- First, the AIA 2030 Commitment Database will house project-level energy data provided by AIA 2030 Commitment signatory firms, with the ultimate goal of migrating current Excel-based reporting into an easy-to-use online database that draws on aggregated data to provide real-time feedback and benchmarking. “There is so much value to this kind of information and it’s never existed before,” says Rand Ekman, AIA, director of sustainability at Cannon Design. “Having access to a robust database will be useful on the ground in establishing energy targets on projects, and will help firms better understand how well our energy models are guiding us.”
- Second, AIA advocacy for energy legislation, which dates back to the energy crisis of the 1970s, has increased with the growing recognition that architects play a vital role in helping buildings use less energy. The Institute’s current advocacy efforts include supporting the Energy Savings and Industrial Competitiveness Act of 2013 (commonly known as the Shaheen-Portman bill), a bipartisan Senate bill that promotes energy efficiency within commercial and residential buildings. At the same time, the AIA has rallied support from nearly 1,000 small businesses to oppose a potential amendment to the bill, an amendment that will propose the repeal of a 2007 law that applies the 2030 energy target to federal buildings. “We are more than 80,000 members strong, and that collective voice helps amplify our message to policymakers at all levels of government,” says Andrew Goldberg, Assoc. AIA, the AIA’s managing director of government relations and outreach.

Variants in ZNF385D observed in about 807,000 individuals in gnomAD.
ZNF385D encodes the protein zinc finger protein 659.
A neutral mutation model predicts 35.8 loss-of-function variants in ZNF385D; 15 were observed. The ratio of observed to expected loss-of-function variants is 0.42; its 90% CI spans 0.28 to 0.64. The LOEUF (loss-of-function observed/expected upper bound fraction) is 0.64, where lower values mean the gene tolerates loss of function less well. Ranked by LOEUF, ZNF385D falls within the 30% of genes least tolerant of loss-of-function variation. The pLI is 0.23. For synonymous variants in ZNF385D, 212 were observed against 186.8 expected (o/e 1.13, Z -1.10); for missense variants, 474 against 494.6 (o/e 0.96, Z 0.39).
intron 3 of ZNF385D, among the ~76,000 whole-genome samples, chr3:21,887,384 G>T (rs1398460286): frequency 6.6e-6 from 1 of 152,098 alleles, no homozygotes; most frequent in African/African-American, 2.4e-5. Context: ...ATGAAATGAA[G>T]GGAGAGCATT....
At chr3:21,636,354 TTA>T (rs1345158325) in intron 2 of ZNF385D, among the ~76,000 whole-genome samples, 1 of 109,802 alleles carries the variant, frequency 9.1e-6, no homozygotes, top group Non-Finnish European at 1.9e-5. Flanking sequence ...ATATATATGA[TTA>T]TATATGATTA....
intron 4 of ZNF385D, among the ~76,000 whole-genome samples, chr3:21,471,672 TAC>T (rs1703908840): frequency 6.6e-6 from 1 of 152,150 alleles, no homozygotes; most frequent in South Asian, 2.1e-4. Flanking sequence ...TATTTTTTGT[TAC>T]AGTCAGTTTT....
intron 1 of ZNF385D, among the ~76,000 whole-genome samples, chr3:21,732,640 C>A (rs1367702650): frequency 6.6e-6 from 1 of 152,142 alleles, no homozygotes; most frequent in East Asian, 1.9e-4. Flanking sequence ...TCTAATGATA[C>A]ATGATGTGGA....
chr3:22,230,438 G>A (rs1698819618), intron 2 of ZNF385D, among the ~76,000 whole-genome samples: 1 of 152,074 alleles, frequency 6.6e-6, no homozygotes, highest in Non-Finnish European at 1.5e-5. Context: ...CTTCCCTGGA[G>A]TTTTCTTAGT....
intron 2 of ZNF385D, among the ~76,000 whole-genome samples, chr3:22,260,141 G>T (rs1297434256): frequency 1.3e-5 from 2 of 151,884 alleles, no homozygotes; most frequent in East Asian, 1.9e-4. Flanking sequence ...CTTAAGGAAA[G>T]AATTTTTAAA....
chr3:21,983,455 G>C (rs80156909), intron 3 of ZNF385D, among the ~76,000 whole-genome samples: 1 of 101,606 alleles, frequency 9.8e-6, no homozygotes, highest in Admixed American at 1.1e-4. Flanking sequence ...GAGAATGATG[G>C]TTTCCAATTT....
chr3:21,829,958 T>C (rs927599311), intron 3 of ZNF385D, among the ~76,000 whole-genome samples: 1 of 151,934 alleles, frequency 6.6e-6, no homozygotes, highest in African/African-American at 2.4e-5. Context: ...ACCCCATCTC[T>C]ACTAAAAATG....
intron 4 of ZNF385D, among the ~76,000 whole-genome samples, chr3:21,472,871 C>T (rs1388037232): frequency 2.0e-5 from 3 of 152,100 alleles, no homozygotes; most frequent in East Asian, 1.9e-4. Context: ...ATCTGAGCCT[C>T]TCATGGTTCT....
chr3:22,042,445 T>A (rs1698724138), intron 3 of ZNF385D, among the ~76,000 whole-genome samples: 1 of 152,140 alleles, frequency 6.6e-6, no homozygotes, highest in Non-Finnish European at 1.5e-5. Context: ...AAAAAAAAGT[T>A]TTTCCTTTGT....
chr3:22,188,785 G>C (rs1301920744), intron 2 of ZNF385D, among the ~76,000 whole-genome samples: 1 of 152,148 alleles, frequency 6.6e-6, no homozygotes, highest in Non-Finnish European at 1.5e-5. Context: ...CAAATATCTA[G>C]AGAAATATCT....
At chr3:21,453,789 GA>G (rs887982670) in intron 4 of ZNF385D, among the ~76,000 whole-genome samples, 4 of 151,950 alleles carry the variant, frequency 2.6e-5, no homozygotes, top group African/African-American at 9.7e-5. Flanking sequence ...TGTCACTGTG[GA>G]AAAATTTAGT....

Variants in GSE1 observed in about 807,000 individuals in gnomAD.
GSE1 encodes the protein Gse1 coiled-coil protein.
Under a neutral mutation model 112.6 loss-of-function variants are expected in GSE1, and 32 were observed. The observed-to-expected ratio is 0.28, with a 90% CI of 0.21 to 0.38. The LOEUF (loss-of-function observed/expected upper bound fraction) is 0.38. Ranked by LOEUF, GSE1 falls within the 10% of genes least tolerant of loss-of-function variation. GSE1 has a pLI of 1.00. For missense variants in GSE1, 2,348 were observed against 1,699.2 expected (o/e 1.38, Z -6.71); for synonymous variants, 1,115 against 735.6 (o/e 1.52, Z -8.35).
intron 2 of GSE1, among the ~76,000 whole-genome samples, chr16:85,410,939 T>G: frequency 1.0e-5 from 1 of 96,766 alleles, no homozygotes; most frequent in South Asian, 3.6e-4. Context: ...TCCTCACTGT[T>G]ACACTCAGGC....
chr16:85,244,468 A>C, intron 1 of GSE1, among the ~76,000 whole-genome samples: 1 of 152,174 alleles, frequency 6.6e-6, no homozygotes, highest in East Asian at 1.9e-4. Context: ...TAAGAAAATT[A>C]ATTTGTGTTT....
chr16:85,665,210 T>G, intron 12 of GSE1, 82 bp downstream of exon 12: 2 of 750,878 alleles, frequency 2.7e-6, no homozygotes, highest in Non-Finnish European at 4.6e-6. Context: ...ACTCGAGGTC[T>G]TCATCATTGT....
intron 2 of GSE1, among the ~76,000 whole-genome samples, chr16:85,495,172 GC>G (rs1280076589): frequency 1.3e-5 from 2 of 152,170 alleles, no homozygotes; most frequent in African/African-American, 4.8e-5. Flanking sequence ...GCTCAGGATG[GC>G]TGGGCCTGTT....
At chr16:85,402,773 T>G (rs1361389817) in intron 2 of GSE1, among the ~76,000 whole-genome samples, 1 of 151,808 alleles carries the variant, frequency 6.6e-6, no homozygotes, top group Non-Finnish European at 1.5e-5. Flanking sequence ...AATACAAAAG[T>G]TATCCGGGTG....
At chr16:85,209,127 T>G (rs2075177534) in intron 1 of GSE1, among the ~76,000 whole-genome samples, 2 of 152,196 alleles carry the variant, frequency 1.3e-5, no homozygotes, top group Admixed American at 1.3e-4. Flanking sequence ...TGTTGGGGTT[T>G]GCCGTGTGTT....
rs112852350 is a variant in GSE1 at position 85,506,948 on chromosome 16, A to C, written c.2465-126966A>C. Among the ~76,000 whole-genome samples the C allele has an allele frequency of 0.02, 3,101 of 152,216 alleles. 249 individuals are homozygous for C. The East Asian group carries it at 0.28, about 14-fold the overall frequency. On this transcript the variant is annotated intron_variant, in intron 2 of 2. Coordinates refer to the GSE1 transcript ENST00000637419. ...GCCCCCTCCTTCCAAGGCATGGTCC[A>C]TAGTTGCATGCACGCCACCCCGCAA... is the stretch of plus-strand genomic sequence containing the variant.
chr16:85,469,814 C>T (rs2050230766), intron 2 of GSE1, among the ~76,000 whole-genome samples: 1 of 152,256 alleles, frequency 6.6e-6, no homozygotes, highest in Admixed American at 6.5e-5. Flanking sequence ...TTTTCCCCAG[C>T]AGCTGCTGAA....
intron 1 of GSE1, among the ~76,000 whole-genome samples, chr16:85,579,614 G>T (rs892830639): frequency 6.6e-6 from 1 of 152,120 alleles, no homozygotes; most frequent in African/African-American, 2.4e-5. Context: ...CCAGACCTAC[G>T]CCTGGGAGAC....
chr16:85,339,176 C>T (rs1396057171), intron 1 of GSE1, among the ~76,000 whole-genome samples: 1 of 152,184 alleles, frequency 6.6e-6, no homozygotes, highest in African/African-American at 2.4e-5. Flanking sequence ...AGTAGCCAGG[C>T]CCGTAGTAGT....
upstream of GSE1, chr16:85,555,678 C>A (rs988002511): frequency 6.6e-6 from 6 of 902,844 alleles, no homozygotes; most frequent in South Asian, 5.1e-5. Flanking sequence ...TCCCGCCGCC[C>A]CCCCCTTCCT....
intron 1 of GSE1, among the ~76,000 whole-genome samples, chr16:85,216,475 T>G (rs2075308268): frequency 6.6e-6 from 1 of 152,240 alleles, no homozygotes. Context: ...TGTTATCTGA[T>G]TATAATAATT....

- Third, momentum is building for the AIA Awards Task Force recommendations to require each AIA Honor Awards submission to include predicted energy- and water-performance metrics, and a basic sustainable design integration narrative. Proposed to take effect with the 2015 awards program, the recommendations have gained broad national support from past AIA Firm Award recipients, AIA Knowledge Communities, and prominent firms. “We are quickly entering a new era of evidence-based design where the resource and carbon emissions reduction capabilities of our buildings can be reasonably predicted,” says William Leddy, FAIA, chair of the AIA Committee on the Environment Advisory Group and a founding partner of Leddy Maytum Stacy Architects. “We feel this information should become an important part of our discussion of design excellence in the 21st century.”
- And finally, responding to member demand for additional energy educational resources, the AIA is planning to develop a curriculum that addresses a range of energy design and energy modeling topics. Coursework will combine in-person workshops and online learning tools as well as a new generation of written guides that provide a deeper understanding on topics such as how to effectively work with energy modeling consultants and how to identify financing opportunities within the energy retrofit market. Materials will be informed by existing energy educational programs, most of which were developed primarily for engineers.
More here: http://www.architectmagazine.com/high-performance-building/action-plans_o.aspx